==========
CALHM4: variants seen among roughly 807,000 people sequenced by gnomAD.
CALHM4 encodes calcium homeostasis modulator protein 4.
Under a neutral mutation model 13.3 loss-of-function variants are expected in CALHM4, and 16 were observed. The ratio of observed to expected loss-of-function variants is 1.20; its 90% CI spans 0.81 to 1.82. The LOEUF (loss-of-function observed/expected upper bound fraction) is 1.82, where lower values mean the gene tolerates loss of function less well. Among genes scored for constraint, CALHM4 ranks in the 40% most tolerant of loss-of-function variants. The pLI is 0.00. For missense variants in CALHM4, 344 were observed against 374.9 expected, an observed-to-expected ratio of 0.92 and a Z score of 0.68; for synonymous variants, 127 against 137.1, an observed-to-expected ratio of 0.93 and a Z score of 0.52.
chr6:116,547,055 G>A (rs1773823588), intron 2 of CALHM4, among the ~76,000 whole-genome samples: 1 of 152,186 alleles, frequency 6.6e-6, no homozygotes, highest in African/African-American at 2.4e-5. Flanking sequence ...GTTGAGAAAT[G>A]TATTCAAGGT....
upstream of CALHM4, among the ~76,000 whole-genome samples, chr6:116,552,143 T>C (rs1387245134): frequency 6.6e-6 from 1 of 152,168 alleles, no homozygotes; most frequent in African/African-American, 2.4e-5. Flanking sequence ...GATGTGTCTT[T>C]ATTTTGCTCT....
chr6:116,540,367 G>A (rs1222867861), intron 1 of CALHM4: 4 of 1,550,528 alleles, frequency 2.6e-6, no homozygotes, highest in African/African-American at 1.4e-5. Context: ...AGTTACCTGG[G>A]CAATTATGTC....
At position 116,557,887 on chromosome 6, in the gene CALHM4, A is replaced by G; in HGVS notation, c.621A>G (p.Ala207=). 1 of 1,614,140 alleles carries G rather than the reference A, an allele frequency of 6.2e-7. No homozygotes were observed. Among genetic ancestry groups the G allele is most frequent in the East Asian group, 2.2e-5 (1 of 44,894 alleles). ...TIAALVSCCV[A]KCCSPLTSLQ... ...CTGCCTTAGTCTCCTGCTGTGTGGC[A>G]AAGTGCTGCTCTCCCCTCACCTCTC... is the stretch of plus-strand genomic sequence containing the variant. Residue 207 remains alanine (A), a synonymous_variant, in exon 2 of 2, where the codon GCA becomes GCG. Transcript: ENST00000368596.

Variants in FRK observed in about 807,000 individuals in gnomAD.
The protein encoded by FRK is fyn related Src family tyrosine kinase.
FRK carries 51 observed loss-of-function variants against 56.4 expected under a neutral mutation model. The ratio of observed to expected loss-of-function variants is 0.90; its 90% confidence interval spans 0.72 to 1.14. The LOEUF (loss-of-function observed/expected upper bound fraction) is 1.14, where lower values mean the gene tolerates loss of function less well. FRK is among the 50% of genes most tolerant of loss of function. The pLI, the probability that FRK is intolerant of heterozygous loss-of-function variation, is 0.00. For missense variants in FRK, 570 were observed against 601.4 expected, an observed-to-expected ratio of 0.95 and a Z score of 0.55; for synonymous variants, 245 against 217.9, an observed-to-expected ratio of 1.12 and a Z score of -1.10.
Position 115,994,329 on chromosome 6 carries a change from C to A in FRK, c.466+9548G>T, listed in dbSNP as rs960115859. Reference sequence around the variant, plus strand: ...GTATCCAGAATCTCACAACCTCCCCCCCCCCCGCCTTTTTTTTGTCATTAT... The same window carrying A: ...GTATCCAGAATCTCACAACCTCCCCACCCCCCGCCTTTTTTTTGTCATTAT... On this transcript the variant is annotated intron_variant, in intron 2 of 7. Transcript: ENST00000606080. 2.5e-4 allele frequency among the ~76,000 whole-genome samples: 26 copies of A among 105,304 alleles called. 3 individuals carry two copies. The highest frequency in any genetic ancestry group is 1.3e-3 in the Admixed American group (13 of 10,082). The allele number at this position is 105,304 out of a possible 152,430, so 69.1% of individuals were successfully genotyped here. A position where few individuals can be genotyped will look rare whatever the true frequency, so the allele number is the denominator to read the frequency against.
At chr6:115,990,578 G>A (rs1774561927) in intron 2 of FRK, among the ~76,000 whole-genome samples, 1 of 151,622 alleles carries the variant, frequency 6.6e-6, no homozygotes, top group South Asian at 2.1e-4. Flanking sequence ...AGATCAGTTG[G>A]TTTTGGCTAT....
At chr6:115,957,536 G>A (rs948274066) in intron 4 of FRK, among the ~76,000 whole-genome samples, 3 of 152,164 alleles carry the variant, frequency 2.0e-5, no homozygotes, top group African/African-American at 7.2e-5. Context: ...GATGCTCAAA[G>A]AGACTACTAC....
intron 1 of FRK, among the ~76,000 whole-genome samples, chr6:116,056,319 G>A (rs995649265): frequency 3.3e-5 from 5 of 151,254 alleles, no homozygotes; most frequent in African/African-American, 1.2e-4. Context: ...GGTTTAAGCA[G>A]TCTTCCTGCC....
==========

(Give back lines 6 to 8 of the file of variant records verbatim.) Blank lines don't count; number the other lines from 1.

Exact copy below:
chr6:116,540,367 G>A (rs1222867861), intron 1 of CALHM4: 4 of 1,550,528 alleles, frequency 2.6e-6, no homozygotes, highest in African/African-American at 1.4e-5. Context: ...AGTTACCTGG[G>A]CAATTATGTC....
At position 116,557,887 on chromosome 6, in the gene CALHM4, A is replaced by G; in HGVS notation, c.621A>G (p.Ala207=). 1 of 1,614,140 alleles carries G rather than the reference A, an allele frequency of 6.2e-7. No homozygotes were observed. Among genetic ancestry groups the G allele is most frequent in the East Asian group, 2.2e-5 (1 of 44,894 alleles). ...TIAALVSCCV[A]KCCSPLTSLQ... ...CTGCCTTAGTCTCCTGCTGTGTGGC[A>G]AAGTGCTGCTCTCCCCTCACCTCTC... is the stretch of plus-strand genomic sequence containing the variant. Residue 207 remains alanine (A), a synonymous_variant, in exon 2 of 2, where the codon GCA becomes GCG. Transcript: ENST00000368596.

Variants in FRK observed in about 807,000 individuals in gnomAD.